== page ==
By Rocio, age 17, California
"What's the latest trend?" we ask ourselves. Well, it might be homosexuality ... No, that's old school by now. Is it the freedom and peace movement? No, it can't be, not in our democracy. I know what it is. It starts with an "f" and is feared by men. Women embrace it, and men are perplexed by it. I call it a virtue. Most call it a weapon. It's time we face it. We are all entitled to feel as feminine as we want.
With a growing apathy toward women in the work field, it's time that we all unite as one feminine identity. Ladies and gentlemen, there is nothing wrong with being a feminist. But being a feminist isn't just a label. It's a part of who you are as a person. Being a feminist makes you no different from the other millions and millions of people living in the United States. In fact, think of it as your way to exercise your right to freedom of speech.
Honestly, it's been extremely wonderful for me to accept that I am on the road to being a full blown feminist. And no, that does not mean that I will let my armpit hair grow and not shave for ages. It just means I care about my rights. I mean, think about it. Up until the civil rights movement, we as women were not allowed to even come close to the work field, let alone a career. Why not take advantage of the rights we are entitled to as women?
In many other countries, women are suppressed by controlling governments that entitle them to no liberty whatsoever. The number one reason that so many single moms come to this country illegally to raise their children is because they are escaping the wrath of the liberty absorbing machine I like to call "The Macho-nator". Ideally, the country we live in embraces women who are passionate about what they do. Realistically, however, many of these women are denied the benefit of the doubt and lose the opportunity to exercise their rights. Surprisingly enough, many of you girls out there would rather get married and have life the easy way to avoid the struggles of working hard for what you want. A wise man once said your choices shape your future, and as cliche as this may sound, it is quite a coincidence that many of the famous quotes we have placed on a pedestal today were said by men.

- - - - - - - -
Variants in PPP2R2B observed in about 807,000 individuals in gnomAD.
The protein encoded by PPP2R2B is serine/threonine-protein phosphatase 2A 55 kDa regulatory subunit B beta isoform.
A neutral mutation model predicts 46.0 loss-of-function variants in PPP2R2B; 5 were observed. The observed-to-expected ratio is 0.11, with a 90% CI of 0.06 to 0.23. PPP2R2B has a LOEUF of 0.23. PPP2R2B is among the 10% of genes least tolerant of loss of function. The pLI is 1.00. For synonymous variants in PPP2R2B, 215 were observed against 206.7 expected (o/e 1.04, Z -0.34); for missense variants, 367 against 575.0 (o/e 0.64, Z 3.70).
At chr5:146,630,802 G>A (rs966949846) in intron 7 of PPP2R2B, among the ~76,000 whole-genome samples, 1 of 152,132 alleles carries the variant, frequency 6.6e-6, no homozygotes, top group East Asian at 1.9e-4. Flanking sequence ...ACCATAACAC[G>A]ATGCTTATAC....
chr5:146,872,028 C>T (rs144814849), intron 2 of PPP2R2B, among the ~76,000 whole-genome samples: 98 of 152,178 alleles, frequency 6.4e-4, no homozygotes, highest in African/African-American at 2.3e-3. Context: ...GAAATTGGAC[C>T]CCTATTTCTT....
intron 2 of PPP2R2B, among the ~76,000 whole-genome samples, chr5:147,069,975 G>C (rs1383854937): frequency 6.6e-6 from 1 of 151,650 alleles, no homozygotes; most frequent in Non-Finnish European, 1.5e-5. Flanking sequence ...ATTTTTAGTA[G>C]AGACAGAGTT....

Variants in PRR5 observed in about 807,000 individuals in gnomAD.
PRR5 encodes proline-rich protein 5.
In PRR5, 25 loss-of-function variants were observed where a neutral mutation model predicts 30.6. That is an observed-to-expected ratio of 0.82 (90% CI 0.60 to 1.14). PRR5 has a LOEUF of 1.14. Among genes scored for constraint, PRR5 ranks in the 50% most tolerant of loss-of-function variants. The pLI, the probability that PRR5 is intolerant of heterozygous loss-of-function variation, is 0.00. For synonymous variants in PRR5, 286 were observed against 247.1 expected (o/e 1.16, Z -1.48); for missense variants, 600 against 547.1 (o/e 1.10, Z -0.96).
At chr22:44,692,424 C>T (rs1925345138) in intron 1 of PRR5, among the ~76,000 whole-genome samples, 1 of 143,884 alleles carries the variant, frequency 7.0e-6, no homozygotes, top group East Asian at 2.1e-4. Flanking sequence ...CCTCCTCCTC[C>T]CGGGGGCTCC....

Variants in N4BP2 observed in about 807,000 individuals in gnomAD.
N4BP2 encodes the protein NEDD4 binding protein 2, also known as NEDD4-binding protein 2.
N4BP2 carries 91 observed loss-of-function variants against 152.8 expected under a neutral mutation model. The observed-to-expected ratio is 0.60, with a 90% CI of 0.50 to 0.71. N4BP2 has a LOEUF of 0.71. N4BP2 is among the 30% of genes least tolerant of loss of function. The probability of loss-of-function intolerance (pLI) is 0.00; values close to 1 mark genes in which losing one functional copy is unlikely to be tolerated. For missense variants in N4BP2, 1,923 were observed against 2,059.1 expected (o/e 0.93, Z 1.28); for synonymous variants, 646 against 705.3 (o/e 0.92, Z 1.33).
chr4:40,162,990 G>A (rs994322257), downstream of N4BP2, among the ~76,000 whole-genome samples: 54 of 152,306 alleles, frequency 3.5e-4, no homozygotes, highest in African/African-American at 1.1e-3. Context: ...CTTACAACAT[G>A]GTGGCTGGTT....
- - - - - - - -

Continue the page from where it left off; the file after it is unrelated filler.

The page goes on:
For crying out loud! Women put their lives at risk for us so that we could enjoy the freedom they so passionately desired. What is the point of having so many women's rights museums and historical landmarks if we as women do absolutely nothing to revolutionize and relive the times when women were truly recognized. I know, I sound absolutely insane and radical at times, but it is so important for my generation and generations to come to feel empowered to do what they want. Many of my friends, particularly this year, have decided that what they want to do after high school is to study for a short career and start working at little more than minimum wage. Now I don't blame many of those women for making this decision, as these young ladies have special circumstances under which they must adapt. But then again many of these girls don't have any special circumstances to adapt to. They simply choose to give in to the many stereotypes of a girl living in a city like Los Angeles who chooses to take the easy way out of things because she has suffered much too much her entire life. Struggles make you stronger, but truly breaking through the walls that put us down is entirely what makes us all that much concrete as an identity.
It is not my intention to degrade any women out there who have taken on the paths that I somewhat disapprove. It is just that as a young Latina who has lived in a city where there are no expectations to live up to, it is so empowering for this Latina to have the courage to urge so many women out there to be who they want to be. I am driven to raise awareness about the lack of encouragement that young ladies are given to study what they want to study, particularly women who come from under represented ethnicities.
Remember, the experiences we have lived through in the past decade would not be possible without the struggles of people who truly cared for justice. I am by no means a radical. I am just one of those people who likes to call herself a feminist. Break out of cliches and prove to the world that the expectations set out for us are only going to make us stronger.